Imagine… Go on…
Then I was presented with “American Pastoral,” which I’d had in mind to do for years, ever since I read the book for the first time, and then I re-read it. It was my agent who suggested that I direct, thinking I was something I’d be good at. A lot of big actors like Jennifer Connelly and Dakota Fanning were already in the cast. The first thing I did was ask them if they felt comfortable working with a first-time director like me, and luckily, they said yes immediately.

As an actor, do you have a particular approach when relating to other actors?
I try to avoid that attitude I hate from the world of directors, that of authoritarian. I let actors take liberties, I listen to their opinions, let them improvise. I trust them and they trust me. I want everyone to feel confortable, so we can create a real working team.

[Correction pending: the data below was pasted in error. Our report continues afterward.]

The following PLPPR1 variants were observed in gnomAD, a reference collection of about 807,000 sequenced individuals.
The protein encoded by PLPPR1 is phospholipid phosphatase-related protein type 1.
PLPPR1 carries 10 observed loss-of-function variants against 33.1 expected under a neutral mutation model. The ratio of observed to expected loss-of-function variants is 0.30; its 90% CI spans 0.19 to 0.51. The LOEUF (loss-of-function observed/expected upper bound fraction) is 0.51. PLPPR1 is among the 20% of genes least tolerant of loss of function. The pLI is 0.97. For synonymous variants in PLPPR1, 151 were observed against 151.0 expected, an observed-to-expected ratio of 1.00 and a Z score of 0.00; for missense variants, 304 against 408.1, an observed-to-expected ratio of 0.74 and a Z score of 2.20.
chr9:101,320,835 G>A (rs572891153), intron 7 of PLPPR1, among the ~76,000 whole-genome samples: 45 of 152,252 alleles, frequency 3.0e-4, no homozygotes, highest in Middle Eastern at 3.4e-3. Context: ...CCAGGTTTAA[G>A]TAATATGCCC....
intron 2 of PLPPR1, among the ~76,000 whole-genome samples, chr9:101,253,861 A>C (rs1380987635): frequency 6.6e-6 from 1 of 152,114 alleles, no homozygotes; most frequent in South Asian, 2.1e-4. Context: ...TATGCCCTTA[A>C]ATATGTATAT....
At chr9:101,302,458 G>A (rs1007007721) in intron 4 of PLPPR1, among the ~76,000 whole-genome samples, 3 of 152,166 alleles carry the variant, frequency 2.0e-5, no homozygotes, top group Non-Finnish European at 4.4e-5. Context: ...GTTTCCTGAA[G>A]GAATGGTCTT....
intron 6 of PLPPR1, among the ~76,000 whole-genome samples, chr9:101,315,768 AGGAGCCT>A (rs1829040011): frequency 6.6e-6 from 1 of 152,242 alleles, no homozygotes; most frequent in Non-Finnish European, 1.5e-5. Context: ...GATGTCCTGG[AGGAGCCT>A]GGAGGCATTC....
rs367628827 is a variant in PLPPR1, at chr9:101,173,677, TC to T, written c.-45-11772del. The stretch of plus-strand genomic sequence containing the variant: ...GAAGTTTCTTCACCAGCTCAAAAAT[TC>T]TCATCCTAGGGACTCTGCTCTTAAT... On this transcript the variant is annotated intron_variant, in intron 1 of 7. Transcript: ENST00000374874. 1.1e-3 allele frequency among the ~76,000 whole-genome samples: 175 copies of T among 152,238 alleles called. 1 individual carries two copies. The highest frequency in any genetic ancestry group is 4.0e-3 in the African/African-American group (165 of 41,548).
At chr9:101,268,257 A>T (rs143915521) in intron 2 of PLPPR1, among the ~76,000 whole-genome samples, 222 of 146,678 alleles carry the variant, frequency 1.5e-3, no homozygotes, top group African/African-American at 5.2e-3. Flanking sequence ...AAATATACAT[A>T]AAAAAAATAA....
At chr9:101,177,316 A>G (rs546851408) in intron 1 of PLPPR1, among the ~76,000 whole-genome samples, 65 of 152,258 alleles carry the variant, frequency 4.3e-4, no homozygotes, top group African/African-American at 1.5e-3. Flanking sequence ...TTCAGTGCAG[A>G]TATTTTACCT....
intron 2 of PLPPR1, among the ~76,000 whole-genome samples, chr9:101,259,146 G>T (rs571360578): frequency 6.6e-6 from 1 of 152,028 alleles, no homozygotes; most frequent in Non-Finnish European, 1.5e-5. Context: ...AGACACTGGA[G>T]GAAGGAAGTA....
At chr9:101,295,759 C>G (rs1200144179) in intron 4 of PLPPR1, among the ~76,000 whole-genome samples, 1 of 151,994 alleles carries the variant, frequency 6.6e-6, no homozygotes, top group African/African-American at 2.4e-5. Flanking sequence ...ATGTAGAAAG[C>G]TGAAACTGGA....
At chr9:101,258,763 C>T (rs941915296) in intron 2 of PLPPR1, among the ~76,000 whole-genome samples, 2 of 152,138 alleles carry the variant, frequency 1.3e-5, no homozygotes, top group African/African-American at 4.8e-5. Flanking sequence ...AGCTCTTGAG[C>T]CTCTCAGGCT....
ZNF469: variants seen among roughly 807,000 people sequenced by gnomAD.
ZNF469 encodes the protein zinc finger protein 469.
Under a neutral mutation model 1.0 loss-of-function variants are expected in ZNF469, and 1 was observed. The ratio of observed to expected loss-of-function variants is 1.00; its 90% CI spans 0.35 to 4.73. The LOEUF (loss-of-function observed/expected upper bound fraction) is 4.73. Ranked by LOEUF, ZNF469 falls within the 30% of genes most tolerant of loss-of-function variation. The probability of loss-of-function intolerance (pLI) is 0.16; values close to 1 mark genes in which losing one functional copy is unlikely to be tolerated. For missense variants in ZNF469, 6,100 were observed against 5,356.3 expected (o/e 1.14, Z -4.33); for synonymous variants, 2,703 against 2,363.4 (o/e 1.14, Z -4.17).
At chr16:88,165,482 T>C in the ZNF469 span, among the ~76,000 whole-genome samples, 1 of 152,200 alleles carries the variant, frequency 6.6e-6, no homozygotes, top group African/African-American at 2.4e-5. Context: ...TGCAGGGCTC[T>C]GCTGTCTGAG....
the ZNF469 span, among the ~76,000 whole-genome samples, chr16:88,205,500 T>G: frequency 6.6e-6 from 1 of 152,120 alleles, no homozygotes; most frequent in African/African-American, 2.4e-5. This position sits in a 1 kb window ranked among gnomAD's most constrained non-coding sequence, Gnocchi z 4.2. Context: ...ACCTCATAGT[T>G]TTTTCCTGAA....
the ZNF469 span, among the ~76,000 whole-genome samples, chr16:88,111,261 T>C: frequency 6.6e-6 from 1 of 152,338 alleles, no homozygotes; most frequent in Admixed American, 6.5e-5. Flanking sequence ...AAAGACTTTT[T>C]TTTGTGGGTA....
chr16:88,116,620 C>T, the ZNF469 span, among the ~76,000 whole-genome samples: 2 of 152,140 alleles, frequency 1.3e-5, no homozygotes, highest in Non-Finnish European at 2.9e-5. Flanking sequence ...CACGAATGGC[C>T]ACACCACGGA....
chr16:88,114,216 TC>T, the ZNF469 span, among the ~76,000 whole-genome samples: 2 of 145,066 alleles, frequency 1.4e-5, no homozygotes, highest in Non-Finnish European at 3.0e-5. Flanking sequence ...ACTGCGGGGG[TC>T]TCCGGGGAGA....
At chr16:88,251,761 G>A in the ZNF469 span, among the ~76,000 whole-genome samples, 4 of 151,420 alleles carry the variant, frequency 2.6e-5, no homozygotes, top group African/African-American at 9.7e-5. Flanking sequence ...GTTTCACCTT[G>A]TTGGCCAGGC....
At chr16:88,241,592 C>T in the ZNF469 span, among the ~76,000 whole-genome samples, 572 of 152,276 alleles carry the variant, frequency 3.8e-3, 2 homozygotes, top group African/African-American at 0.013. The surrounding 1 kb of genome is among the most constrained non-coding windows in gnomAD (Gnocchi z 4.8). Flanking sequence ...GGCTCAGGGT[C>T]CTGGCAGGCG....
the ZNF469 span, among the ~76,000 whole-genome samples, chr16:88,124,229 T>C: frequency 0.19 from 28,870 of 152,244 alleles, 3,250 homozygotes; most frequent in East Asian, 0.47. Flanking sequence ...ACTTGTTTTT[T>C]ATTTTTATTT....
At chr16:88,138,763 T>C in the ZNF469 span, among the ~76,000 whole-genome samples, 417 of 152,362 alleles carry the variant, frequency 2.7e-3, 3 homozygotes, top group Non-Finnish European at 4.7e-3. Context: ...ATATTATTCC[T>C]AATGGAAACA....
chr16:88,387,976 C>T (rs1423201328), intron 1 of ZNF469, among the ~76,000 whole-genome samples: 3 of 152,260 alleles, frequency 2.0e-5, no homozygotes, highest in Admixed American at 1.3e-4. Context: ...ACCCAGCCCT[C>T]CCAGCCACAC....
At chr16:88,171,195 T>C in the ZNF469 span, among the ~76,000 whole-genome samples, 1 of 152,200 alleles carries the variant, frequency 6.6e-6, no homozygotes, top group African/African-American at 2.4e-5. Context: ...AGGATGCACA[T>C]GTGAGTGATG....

What was the hardest part about directing?
The huge responsibility that on everyone’s behalf. In simple terms, I didn’t want to make a fool of myself! [laughs] At times, actors who try to direct for the first time are swept up by their naïveté and end up being obvious or banal.

Do you think you will repeat this experience then?
Definitely. And, by the way, I am looking for financing. If anyone out there reading is interested in investing in a great story…

“Trainspotting 2” will be in theatres soon, can you give us a preview?
For a long time I’ve wanted to continue the adventure of the protagonist from the first film. And this time he is also obsessed with sex and porn, besides just drugs. You will see a bit of everything then. Plus, it’s always a pleasure to work with the director, my friend Danny Doyle, who has inspired me a lot since he was the first to direct me when I was younger and inexperienced. I consider him a great friend.

Did you always want to be famous?